Career adaptability is incredibly important at the moment and increasingly so for the foreseeable future.

It is wise to have a Career plan ‘A’, ‘B’ and ‘C’ – one of the recommendations in the Book: The Start-up of you by LinkedIn co-founder Reid Hoffman and Ben Casnocha.

Lynda Gratton author of ‘The shift’ (2011), ‘The 100 year life’ (2016) and ‘The new longer life’ (2020), written by her and Andrea Scott, recommends developing a career mastery area, 5 different work strands that you can flex at different times in your career, a large high quality diverse network and a personal brand.

Achieving this requires a certain mind set and competencies.

5 career adaptability competencies 

  • Control – being proactive, decisive & taking responsibility for your career;
  • Curiosity – broadening your horizons by seeking options, possibilities and knowledge;
  • Commitment – passionately pursuing & taking action to move to the career horizon of your choosing;
  • Confidence – belief in yourself & that you can achieve your goal;
  • Concern – having a positive & philosophical attitude to mistakes or rejection.

In a nutshell, it helps to have a proactive personality, to be investigative, always looking to overcome challenges, be willing to seek out new contexts and opportunities and be resilient to rejection.

How would you score yourself out of 100% against these 5 career adaptability competencies?

Some people are naturally adaptable and embrace change, but the competencies can be learned or improved via personal and/or professional development.

Below are some tips to begin improving your career adaptability. This is important for the V.U.C.A. world in which we live.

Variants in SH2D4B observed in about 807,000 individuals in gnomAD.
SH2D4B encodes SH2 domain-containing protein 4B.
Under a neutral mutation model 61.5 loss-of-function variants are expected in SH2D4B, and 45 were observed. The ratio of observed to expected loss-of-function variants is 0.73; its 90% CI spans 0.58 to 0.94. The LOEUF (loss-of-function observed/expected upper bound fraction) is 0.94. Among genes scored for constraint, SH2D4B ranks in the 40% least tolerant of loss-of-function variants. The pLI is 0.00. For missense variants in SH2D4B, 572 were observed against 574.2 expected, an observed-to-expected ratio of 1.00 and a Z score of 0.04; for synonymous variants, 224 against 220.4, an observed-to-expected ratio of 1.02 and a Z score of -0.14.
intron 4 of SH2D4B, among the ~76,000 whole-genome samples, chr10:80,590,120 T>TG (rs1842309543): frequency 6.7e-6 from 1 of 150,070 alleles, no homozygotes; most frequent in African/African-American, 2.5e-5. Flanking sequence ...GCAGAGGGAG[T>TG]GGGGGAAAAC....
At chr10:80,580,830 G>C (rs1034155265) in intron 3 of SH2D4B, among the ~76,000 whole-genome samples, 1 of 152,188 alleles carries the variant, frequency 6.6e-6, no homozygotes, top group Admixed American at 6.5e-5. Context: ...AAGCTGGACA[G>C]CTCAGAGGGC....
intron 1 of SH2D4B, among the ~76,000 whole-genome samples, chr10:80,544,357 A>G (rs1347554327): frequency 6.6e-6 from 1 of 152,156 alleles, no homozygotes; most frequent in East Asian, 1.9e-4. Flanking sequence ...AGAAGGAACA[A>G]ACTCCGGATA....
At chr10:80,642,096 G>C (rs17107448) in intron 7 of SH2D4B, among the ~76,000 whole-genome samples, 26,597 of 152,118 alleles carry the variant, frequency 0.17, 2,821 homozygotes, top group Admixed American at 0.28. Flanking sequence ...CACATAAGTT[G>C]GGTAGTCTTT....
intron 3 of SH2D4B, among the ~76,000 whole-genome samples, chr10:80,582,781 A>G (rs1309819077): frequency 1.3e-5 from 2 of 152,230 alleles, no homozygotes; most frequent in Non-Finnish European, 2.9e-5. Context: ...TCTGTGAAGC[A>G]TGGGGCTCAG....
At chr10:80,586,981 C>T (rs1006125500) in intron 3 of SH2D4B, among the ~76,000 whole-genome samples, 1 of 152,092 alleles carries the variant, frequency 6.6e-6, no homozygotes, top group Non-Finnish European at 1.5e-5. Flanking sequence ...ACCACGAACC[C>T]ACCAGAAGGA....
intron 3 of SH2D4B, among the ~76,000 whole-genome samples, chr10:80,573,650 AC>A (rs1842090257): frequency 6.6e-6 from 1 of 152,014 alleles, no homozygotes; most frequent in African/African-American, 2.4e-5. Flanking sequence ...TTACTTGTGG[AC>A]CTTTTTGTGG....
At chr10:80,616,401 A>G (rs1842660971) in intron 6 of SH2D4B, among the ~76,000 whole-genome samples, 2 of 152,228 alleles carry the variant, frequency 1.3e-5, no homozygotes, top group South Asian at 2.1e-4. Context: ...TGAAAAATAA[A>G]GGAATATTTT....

V = volatile
U = uncertain
C = complex
A = ambiguous

7 tips for career adaptability in a V.U.C.A. world 

  1. Experiment– push out your comfort zone & take on a new project to learn a new skill.
  2. Portfolio career– build 5 different work strands.
  3. Self-invest– define learning goals and block out time & put aside budget for your own continual professional development.
  4. Get a coach – time in your diary with a career coach ensures you do not leave your future security to chance.
  5. Plan B & C– define what you would do for plan B & C if your current Plan A reached a ‘cul de sac’.
  6. Trends– research skill and job trends – tomorrow’s not yesterday’s.
  7. Career strategy– define your career strategy and career key performance indicators (KPIs) so that you take responsibility for your career and can measure success – on your terms.

Rachel Brushfield About The Author

Rachel Brushfield is The Talent Liberator at Energise – The Talent Liberation Company, founded in 1997. She is a career strategist, coach and published author, with a career heritage in marketing and brand strategy and communications who helps her clients enjoy uplifting breakthroughs at major career crossroads. Rachel’s career coaching specialisms are helping women professionals and executives to gain more career fulfilment and comfortably and competently market themselves, and creating, editing and marketing portfolio careers for a future proof and sustainable career. Rachel co-runs the network PWHub with CPD style quarterly events for senior employed women in Oxfordshire.

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